He grew up in his father’s school, that had become the centre of a thriving community, he received a traditional educational in theology, jurisprudence and grammar, he was able to read and write by the age of five. He was considered a gifted student and was able to recite the Qur’an by heart, at the age of 14, giving him the honorable title of hafiz.
In 1825, Abdul Qadir and his father set out on Hajj, while there he encountered another great leader that help create change rebelled against a group of oppressors, Imam Shamil. They became friends, and discussed a variety of topics.
In 1832, he was elected as leader of the Algerian army after succeeding his father, who had refused the position due to his old age. He continued to represent the Algerian army as they fought French invaders in the following years.
Within two years of his leadership, Abdul Qadir was able to unify Algerian tribes and re-establish security throughout the region.
Abdul Qadir was known to emphasise the importance of Islam as a unifying factor amongst his people. Islam was the bedrock of his army and Abdul Qadir’s most powerful means of strength.
Despite his adherence to Islam, it did not restrict him from engaging with and employing Jews and Christians to help build his nation. He opened arsenals, warehouses and workshops to support his people and he also organised fixed salaries for all his administration.
He was well known for his simplicity amongst his people and was known to humbly live in a tent.
In a bid to suppress Abdul Qadir’s ongoing victories, the French thus decided to engage in a peace treaty with him. This, however, went to the advantage of Abdul Qadir, and consequently gave him time to expand on his territory.
When the French government violated the treaty, Abdul Qadir resumed fighting French colonies.
Following subsequent losses to the French Army, the new Governor General of France was appointed in a bid to finally overthrow Abdul Qadir.
The war lasted for seven years and in 1847 Abdul Qadir finally surrendered.
He was thus sent to France where he was held captive.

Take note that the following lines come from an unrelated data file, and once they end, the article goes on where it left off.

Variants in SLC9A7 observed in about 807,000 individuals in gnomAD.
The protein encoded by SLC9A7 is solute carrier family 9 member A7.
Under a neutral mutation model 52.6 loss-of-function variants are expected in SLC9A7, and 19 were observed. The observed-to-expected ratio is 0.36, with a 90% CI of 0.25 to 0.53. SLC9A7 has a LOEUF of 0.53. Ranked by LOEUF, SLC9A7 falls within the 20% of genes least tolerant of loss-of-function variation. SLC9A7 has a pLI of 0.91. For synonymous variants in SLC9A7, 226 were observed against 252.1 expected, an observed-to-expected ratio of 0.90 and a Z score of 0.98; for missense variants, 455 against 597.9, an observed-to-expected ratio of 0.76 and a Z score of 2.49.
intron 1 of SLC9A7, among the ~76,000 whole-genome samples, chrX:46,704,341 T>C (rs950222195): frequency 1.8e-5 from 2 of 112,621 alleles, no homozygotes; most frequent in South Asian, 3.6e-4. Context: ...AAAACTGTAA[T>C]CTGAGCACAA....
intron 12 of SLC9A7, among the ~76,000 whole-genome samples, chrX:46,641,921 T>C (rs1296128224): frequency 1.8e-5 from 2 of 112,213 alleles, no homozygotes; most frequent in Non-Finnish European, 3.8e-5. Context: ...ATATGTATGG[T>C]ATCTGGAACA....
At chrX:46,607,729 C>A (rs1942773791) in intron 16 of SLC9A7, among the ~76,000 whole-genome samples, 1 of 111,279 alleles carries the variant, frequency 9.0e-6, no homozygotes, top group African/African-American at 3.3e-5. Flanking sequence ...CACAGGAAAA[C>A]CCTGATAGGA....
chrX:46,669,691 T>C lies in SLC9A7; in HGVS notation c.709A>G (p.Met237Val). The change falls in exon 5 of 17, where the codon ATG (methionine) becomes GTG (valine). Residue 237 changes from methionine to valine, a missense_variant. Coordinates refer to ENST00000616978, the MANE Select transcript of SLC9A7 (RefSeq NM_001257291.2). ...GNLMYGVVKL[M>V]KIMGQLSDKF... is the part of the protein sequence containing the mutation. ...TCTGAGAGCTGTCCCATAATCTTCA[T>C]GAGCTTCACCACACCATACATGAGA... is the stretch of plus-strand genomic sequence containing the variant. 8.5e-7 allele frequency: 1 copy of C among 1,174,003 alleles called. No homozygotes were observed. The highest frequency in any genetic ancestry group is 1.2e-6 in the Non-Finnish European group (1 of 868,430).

However after Napoleon Bonaparte became President, he freed Abdul Qadir, and allowed him to move to Damascus, Syria.
While he lived in Damascus, a conflict between the Druze and Christians soon erupted. Realising the imminent threat, Abdul Qadir took it upon himself to shelter many Christians. This included a large Christian religious group known as the Sisters of Mercy. Abdul Qadir even sent his eldest sons out on the streets to invite those at risk into his protection.
When Abdul Qadir was asked why he would do such a thing, after the French Christians had done so much to harm him, he responded that it was in accordance with the teachings of the Prophet Muhammad ﷺ.
News of Abdul Qadir’s noble action soon spread far and wide, and he soon found himself subject to the praise of many in Europe and across the Western World. He was hailed around the world as a hero and soon became known as the most loved enemy of France.
The great warrior of Dagestan, Imam Shaamil also famously wrote to Abdul Qadir praising his noble act in light of the Prophet Muhammad’s teachings.
Narrated `Abdullah bin `Amr:
The Prophet (ﷺ) said, “Whoever killed a Mu’ahid (a person who is granted the pledge of protection by the Muslims) shall not smell the fragrance of Paradise though its fragrance can be smelt at a distance of forty years (of traveling).
May Allah have mercy on Abdul Qadir
And grant him the highest station in Paradise.